Here at Thomas Jefferson Street, we watch presidential candidates debate on Twitter so you don’t have to! Yesterday we watched the launch of a new idea, created by TheTeaParty.net. The organization invited all the GOP presidential candidates to a 90-minute debate in which they’d have to answer questions from the moderators and the public, all in 140 character tweets.
Just because it was a new idea doesn’t mean it was a good idea.
The big winner wasn’t among the participants—Michele Bachmann, Herman Cain, Rick Santorum, Newt Gingrich, Thad McCotter, or Gary Johnson. The big winner was Barack Obama. When President Obama held a Twitter Town Hall meeting a few weeks back, the public tweeted in questions and the White House chose from among them; Twitter CEO Jack Dorsey then read the questions out loud and President Obama answered them verbally, looking straight into live TV cameras. By the end of the broadcast, he had picked up no less than 30,000 new followers. Yesterday, Michele Bachmann had only 600 new followers by the end, and that was more than anyone else.
Like the White House Town Hall, the quality of the questions was very good: Would you have gone into Libya? How will you avoid continuously raising the debt ceiling? Can a president create jobs without expanding the role of the government? But here’s the difference between the two formats: “Be specific” in your answers, moderator S.E. Cupp advised. Really? Exactly how does one get “specific” about which entitlements they’d reform in 140 characters? By contrast, Obama wasn’t limited to tweeting his answers—he had the opportunity to give long, thoughtful answers (maybe too long, but that’s a different blog) that were spoken, not written. [See a slide show of the 2012 GOP contenders.] Yesterday’s short-answer format left little room for nuance or shades of gray. “The only way to make a political debate more pointless is to hold it on Twitter,” one commenter posted. The 140-character limit seemed to feed hyperbole and sloganeering. I noticed a lot of “dog-whistling”—using short-hand references to policies as a way of throwing a bone to the base. For example, Gingrich called for auditing and reforming the Fed—a shout-out to Ron Paul supporters in his absence. (In addition to Paul, Mitt Romney, Tim Pawlenty, and Jon Huntsman did not participate. Luckily, they avoided the question someone named Infomaniack sent in: “How do you think the lack of judgment you have shown in participating in this debate will help you in the WH?”)
The Twitter feed alternated between too slow and too fast, and while a half-hour ticked by with only three opening tweets posted, the hilarious public comments came fast and furious. Down the right side of the page, it was a comedy smack-down with everyone from Jon Stewart to FakeJanBrewer, Gashzilla, Harry Potter, and Frodo Baggins posting sarcastic tweets. I half-expected the escaped snake from the Bronx Zoo, who tweeted all last spring, to post something. “My ship in a bottle is finished ... how ‘bout you guys?” one bored participant posted. Then, a rush of candidates’ tweets scrolled all at once, interrupting each other, disjointed, a mix of abbreviations and text-speak. “This is the most ADD experience I’ve ever had,” one person wrote. “Would love to keep up with this crazy-slow debate but Weird Al is on over at Yo Gabba Gabba,” another posted as she left for greener pastures. [Vote now: Who is your pick for the GOP 2012 nomination?]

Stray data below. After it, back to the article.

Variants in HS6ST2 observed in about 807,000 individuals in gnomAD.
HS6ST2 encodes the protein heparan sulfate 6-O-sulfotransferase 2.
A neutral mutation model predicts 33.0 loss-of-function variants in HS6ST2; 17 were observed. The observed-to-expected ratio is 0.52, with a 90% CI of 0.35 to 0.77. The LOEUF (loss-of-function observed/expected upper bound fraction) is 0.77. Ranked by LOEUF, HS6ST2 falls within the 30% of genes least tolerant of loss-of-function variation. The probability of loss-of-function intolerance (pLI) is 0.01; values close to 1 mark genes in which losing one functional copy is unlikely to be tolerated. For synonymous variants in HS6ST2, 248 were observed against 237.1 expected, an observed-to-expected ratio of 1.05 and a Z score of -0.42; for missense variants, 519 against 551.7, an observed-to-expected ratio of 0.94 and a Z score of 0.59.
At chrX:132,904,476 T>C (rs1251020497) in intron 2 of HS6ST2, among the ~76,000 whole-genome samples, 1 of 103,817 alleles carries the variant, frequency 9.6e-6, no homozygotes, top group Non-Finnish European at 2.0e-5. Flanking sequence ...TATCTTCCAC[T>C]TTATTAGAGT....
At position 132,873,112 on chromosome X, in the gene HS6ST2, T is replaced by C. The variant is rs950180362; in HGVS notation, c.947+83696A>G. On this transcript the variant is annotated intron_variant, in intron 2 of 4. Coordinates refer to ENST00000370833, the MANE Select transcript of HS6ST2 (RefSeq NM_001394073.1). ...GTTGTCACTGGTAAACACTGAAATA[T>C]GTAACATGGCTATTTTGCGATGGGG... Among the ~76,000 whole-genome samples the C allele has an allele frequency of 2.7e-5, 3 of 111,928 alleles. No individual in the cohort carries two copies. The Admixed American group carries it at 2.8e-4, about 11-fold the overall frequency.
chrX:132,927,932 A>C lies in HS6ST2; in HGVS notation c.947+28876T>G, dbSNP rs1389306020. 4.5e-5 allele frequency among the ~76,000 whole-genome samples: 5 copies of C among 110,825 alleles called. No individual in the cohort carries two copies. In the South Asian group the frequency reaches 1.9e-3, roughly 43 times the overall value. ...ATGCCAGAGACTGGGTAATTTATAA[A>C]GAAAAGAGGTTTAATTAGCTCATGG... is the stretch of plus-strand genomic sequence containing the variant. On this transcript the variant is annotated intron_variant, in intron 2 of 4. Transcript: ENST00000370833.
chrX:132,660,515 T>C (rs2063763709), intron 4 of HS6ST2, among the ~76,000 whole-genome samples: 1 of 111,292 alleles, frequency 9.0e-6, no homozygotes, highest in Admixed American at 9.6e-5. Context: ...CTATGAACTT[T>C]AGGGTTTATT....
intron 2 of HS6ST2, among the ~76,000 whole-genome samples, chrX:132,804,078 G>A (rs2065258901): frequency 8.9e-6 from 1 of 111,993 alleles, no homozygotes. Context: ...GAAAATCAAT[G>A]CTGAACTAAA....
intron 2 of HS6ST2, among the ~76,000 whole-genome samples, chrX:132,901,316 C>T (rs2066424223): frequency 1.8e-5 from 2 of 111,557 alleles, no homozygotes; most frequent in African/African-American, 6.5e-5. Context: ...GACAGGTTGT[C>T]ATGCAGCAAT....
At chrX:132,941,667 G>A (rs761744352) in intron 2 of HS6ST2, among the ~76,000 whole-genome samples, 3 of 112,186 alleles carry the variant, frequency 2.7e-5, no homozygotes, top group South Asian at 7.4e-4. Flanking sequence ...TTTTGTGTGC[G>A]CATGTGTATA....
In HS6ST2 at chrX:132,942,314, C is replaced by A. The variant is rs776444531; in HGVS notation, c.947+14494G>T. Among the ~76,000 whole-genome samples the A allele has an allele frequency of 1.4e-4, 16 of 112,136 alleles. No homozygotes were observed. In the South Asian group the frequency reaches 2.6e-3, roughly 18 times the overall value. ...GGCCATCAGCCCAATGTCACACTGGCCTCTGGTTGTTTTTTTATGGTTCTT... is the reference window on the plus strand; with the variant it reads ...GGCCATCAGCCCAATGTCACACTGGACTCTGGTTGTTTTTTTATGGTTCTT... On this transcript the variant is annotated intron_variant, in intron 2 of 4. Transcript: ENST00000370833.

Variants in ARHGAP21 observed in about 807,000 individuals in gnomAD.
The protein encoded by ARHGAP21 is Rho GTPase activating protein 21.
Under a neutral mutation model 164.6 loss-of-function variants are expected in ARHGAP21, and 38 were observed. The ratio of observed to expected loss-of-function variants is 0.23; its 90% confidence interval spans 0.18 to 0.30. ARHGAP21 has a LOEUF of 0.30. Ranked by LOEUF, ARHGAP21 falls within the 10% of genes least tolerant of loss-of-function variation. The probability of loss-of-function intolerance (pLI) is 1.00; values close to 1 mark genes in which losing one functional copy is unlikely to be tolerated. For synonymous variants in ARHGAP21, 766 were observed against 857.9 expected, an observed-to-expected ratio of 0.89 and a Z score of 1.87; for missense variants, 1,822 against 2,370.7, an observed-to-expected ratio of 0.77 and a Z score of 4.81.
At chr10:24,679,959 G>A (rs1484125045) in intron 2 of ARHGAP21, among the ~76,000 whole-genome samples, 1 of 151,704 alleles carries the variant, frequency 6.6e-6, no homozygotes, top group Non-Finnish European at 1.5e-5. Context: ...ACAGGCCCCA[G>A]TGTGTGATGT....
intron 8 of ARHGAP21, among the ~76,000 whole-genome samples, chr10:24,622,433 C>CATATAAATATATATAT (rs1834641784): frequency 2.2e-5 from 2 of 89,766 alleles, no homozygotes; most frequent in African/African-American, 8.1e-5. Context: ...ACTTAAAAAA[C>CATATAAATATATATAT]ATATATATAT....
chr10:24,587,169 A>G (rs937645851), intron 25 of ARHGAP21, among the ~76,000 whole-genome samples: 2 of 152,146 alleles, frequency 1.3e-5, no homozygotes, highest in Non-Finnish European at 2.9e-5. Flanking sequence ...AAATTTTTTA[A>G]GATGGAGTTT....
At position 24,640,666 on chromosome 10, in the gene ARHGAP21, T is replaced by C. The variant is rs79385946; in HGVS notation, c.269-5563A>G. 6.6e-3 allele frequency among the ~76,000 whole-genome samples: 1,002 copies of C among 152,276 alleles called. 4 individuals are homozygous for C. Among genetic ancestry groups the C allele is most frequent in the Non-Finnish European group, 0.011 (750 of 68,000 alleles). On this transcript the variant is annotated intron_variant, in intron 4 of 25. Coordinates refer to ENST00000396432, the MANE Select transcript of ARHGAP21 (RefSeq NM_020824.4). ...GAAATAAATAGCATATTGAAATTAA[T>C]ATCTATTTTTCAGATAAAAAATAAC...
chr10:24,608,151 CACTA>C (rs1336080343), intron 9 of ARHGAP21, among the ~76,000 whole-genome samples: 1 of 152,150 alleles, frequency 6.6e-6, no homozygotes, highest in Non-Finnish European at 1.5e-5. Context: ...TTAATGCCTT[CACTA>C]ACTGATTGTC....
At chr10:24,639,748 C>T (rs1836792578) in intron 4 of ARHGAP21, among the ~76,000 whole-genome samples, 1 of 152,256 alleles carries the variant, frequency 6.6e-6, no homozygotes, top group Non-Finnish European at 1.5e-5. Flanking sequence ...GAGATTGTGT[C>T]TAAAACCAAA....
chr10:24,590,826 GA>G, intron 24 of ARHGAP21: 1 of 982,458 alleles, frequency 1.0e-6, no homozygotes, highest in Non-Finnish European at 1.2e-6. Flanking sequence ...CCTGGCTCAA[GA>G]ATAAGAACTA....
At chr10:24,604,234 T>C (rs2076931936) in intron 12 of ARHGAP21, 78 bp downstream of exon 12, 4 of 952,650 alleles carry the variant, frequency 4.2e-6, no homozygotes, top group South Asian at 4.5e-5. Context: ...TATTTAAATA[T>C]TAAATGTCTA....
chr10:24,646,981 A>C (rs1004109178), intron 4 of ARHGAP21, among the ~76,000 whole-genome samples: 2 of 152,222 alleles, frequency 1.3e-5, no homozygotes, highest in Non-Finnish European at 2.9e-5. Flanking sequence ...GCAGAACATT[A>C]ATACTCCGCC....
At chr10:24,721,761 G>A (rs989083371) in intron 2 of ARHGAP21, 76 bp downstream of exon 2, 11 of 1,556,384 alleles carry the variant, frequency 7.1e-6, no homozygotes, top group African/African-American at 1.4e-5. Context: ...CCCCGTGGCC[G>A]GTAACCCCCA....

There was too much opportunity for mischief, something the White House was able to keep out of the public eye with its format. Twitter seems to encourage one-liner, standup comedians, and boy were they out in force yesterday. It was highly entertaining.
Because the White House event was televised, there was no doubt that it really was President Obama answering the tweeted questions—with yesterday’s format, one couldn’t tell if it really was the candidate tweeting, or a bullpen full of twentysomethings back at campaign headquarters doing it for them. It didn’t help that Michele Bachmann went by “TeamBachmann” as her Twitter name—one commenter found that “fishy,” as did I. Despite his fairly substantive, concise tweets, added video links, and an invitation for folks to join him at his Google+ Hangout live video chat room afterward, Newt Gingrich didn’t know his own Twitter name on a live webchat following in the debate. That made me think he wasn’t really involved, either. The whole thing just didn’t feel authentic to me. It was like reading the closed-captions on TV, one sentence at a time, without the video or the audio, for an hour and a half, with only some of the candidates participating. No thanks. [See a photo gallery of Michele Bachmann.]
What’s next—a debate where candidates tackle foreign policy in haiku format? Answer economic questions in charades? Twitter has a valuable role to play in terms of real citizens being able to ask real questions directly of candidates and the president. But the value is in the short, direct questions—not in the abbreviated text-lingo answers. Most of us would rather eyeball a candidate on their feet in front of a crowd, or listen to them give a policy speech, or read their issue statements in full on a website, as we decide who we’re going to support.
“History called in,” one commenter posted as the debate ended, “It won’t be adding this to its files.” Let’s hope this is one new idea that goes away as fast as it scrolled in.